Current manufacturing industry is facing an increasing challenge to satisfy customers and compete in market. To stay competitive, manufacturing companies are adopting IT solutions to facilitate collaborations and improve their product development/production. Among these IT solutions, product data management (PDM) systems play an essential role by managing product data electronically. A tool to model, execute and control business processes, a workflow management tool is a key part of a PDM system. A workflow can be either static or dynamic. A static workflow has to be finished or aborted once it is initiated, while a dynamic workflow can change during execution time. For organisations adopting workflow solutions, processes should be preferably static since (1) static processes can be applied in large scale with minimal training on personnel and (2) dynamic behaviours of business processes make involved elements, including human, equipment, and information, difficult to handle since these elements are initially designed to deal with specified processes. Hence, organisations seldom change business processes that are established cautiously. In accordance with the above considerations, most workflow management solutions are designed to cope with static business processes in three steps: (1) defining a workflow template, (2) initiating a workflow instance from the template, and (3) executing the instance till its completion. These solutions usually do not handle dynamic behaviours, such as dynamic changes on running workflow instances. However, process change occurs frequently in business environments due to two primary reasons : (1) at design time the specification of the workflow is not complete due to lack of knowledge and at run time errors happen (2) during executing of workflows, changes occur and cause various problems, such as breakdowns, reduced quality of services, and inconsistencies. Therefore, workflow management systems should handle these undesired results introduced by the dynamic aspects of workflows. The following example illustrates how dynamic workflow change happens in engineering environments. Company A manufactures numerically controlled (NC) machines while company B is a component supplier to A. However, due to business considerations, company A decides to stop purchasing certain type of components from B and another company, C, is A’s new supplier for these affected components. Inside company A, some processes related to this change, such as procurement, after-sale service, and testing, should be changed as well since A and C might establish a different form of business relationships. Once process changes occur, new workflow templates are defined and workflow instances are initiated accordingly. In addition, it is necessary to handle the previous workflow instances which are initiated from old workflow templates. Basically, there are four optional policies to follow : (1) Forward recovery: These old workflows are aborted and handled outside of the workflow management system. (2) Backward recovery: These old workflows are stopped and restarted according to the new workflow template. (3) Proceed: These old workflows proceed as if the change does not occur. New cases are executed based on the new template. (4) Transfer: These old workflows are transferred to the new workflow template and executed all over again. Most workflow management systems, such as IBM Domino, iPlanet, Fujisu iFlow, TeamCenter (a PDM system with built-in workflow management capability), and Epaf, are able to implement the first three policies in various degrees. However, the fourth policy, transfer, is not effectively supported. Before applying the new workflow template, the old instance has to be stopped and restarted again. Restarting a workflow might lose key runtime information since the state of the workflow instance is refreshed to the original value. More importantly, some completed tasks have to be carried out unnecessarily after restarting the workflow instance. If the affected workflow instance is complex and involves a lot of external collaborators, substantial business cost will be incurred. To address the above problem, dynamic workflow change management might be brought in as a potential solution. A dynamic change can happen on a single workflow instance or a set of instances under a common workflow template. If a workflow management system supports dynamic workflow change, it can either directly modify the affected instance, or restart it based on the new workflow template while minimising repetitive execution of affected nodes. The first method is instance based while the second is template based (schema evolution). This paper introduces an approach to address template-based dynamic workflow changes instead of instance-based changes. The motivation behind this paper is based on a common industrial practice that each workflow instance is initiated from its template. Besides supporting template-based dynamic change management, this approach also addresses issues such as transfer efficiency and data integrity. It has been also realised in SmarTeam, a leading PDM system with built-in workflow capabilities. The main contribution of this paper is the in-depth analysis of dynamic workflow change and the solid implementation on a real PDM platform. An efficient non-recursive procedure is developed to identify bypassable nodes in workflow instances. Several implementation issues, such as login management and web-enabled deployment, are addressed. To the best knowledge of the authors, this is the first piece of work ever done to realise dynamic workflow change in commercial PDM systems. The paper is organised in the following way: Section 2 discusses related work on dynamic workflow change; Sections 3 and 4 present the preliminaries and mechanism of the proposed approach, respectively; Section 5 details the implementation issues; a case study is conducted in Section 6; finally Section 7 gives the summary.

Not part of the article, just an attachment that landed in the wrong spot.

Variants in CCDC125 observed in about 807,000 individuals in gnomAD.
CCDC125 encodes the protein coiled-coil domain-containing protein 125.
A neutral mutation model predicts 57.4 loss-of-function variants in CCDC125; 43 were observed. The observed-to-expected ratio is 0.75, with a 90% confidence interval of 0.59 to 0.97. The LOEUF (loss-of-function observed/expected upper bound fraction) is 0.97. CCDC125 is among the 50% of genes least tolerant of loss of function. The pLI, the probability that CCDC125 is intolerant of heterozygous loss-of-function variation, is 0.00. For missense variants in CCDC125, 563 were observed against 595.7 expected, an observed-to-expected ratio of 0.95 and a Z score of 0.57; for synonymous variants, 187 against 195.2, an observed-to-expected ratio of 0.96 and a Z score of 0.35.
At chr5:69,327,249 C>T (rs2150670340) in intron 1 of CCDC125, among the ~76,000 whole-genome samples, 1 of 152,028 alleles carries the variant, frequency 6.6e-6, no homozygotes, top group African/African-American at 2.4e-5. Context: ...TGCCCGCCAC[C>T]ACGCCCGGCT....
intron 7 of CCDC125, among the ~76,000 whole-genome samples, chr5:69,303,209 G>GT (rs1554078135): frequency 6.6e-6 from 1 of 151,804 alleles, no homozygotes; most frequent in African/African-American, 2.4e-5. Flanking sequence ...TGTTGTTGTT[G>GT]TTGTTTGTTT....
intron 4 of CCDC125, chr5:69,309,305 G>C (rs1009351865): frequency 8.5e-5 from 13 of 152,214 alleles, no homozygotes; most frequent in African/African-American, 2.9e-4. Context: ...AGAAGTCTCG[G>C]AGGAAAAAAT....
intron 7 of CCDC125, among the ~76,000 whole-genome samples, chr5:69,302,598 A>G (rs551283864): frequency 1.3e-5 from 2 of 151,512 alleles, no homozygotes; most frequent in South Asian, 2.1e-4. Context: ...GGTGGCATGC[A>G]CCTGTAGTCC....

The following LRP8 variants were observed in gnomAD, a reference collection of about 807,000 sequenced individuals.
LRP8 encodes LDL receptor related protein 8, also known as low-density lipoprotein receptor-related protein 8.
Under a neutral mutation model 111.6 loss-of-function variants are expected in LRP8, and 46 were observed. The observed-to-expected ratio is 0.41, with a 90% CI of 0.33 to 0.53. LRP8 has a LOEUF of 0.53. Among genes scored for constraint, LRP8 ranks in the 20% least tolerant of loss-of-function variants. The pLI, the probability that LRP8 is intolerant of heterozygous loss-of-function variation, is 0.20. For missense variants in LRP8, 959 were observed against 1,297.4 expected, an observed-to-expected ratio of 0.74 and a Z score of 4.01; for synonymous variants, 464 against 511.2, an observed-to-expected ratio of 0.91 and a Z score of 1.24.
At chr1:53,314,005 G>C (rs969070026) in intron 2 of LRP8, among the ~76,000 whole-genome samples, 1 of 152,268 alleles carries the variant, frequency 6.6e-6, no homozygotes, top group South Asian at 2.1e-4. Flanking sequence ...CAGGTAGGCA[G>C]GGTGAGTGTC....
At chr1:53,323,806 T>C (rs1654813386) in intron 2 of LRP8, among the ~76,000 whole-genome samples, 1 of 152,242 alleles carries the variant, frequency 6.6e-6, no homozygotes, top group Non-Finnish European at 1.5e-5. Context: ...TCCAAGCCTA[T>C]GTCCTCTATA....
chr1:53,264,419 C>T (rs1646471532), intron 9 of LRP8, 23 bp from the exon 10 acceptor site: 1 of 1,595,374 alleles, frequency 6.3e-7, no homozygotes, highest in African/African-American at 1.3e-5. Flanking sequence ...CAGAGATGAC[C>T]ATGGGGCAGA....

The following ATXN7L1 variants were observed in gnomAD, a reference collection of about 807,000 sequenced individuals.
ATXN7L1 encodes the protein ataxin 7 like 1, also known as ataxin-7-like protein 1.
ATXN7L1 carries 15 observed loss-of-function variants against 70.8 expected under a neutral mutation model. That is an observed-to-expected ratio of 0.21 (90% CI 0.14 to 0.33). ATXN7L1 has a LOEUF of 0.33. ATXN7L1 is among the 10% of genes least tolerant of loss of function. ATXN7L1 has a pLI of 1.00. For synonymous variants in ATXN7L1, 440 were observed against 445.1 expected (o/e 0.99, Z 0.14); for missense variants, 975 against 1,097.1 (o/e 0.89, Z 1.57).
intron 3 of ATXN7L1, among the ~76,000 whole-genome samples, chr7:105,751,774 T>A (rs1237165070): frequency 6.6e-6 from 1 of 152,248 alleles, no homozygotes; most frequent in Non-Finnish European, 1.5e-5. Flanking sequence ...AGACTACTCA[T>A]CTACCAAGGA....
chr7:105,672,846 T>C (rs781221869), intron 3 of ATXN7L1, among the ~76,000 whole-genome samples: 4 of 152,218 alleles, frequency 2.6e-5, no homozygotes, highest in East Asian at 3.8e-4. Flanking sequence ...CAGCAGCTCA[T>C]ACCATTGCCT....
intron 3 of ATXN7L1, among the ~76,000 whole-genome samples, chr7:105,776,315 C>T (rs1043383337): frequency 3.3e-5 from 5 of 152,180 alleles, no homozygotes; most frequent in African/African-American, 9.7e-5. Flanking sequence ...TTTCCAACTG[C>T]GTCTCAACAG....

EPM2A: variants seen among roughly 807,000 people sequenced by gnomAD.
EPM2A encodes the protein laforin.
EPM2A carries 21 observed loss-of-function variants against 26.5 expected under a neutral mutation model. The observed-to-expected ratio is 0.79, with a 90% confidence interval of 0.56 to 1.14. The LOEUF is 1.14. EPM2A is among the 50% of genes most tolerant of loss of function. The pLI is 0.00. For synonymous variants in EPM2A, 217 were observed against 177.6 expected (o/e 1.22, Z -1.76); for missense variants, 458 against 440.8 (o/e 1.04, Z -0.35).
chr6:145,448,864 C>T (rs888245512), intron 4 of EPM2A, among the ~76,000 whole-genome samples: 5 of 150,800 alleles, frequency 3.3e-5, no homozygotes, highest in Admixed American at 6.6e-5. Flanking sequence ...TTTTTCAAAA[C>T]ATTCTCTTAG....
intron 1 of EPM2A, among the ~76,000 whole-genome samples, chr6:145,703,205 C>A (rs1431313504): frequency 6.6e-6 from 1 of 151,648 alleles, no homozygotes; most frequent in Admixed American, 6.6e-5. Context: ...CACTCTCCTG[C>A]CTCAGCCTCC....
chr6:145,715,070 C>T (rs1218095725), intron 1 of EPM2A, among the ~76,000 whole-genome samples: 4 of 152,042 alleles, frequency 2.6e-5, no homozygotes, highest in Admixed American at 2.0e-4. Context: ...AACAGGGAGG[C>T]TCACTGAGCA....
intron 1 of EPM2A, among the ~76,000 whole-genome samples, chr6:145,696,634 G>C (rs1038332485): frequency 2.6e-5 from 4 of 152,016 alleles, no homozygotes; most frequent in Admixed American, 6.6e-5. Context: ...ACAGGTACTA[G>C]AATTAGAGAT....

نتیجه گیری انگلیسی
To facilitate dynamic workflow change, an approach is presented and implemented in a major PDM environment. The approach efficiently identifies bypassable nodes in new workflow instances by analyzing the status of node properties and connectors. Data integrity is addressed to ensure that changes are handled correctly. The approach has been implemented in a PDM system to demonstrate its potential application in engineering environments. In addition to handling changes on workflow instances from a single template, this approach can also change individual workflow instances by informing the underlying workflow system their previous and current workflow templates. Since dynamic workflow change management handles changing aspects, workflow version management is necessary to track the change history of workflow templates and instances. The proposed approach also examines the integration between workflow and PDM systems. When a workflow instance is about to change, its associated PDM data should be handled carefully to ensure data integrity. The approach is implemented in a specific PDM/workflow system. Whether it could be realised in other workflow systems depends on (1) their underlying models and (2) their PDM–workflow integration mechanisms. The authors of this paper believe that the approach can be applied in most DNG-based PDM-embedded workflow systems.